Knight seems to protest his ancestry in an almost masochistic, spiteful manner. He conveys a strong feeling of isolation and detachment from his large family; despite sharing a name with “1 grandfather, 3 cousins, 3 nephews, and 1 uncle,” he identifies himself as an outsider. In his use of strong descriptive language, Knight is able to convey a powerful response from his audience.
“They are all of me,” “I am me, they are thee,” Knight writes. He both recognizes the similarities he and his family share, and distances from them simultaneously. This is a powerful protest against what it means to belong to a family, and perhaps this is due to a deep feeling of abandonment and loneliness while in prison.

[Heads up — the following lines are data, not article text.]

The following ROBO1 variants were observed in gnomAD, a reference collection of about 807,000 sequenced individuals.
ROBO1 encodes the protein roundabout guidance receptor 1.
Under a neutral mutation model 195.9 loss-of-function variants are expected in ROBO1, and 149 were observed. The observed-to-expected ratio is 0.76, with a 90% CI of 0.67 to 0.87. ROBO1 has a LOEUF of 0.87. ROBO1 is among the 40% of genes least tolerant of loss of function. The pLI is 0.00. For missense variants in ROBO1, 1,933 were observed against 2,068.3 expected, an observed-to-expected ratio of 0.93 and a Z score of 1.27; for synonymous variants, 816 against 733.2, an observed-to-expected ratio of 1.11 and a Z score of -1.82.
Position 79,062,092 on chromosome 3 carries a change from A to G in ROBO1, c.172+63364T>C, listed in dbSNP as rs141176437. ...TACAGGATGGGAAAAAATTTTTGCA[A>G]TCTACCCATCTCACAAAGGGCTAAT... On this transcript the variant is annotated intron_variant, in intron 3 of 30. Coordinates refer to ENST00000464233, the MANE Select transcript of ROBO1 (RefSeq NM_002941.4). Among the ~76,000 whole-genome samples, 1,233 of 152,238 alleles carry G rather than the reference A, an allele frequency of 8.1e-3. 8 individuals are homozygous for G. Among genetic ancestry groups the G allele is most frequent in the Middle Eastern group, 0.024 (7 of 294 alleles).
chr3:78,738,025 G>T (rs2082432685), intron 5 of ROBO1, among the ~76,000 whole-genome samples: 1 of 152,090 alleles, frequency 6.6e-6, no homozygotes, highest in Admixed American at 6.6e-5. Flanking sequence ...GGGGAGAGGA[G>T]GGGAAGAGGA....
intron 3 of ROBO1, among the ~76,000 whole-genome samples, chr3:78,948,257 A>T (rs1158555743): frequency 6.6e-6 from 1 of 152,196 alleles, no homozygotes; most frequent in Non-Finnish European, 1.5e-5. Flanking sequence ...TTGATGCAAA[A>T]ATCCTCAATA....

Smith approaches the protest of ancestry in a similar manner, with her use of visceral imagery (“mangled hand,” “filled with my own spit.”) Most powerfully is her use of enjambment to emphasize the skinhead’s affiliation with America; this protests what it is to be a “pure” American, while also bringing to question what it means to have pride in one’ country. Smith protests the violent nature of American culture, in the wide-spread anti-faggot/anti-nigger sentiment. Smith seems to protest the long-standing hatred Americans have for all that is “alien,” which has been perpetuated by people not unlike Smith’s skinhead persona.
- Why does Knight separate his poem with numbers?
- What is it that the flies “know” in Smith’s “Buried”?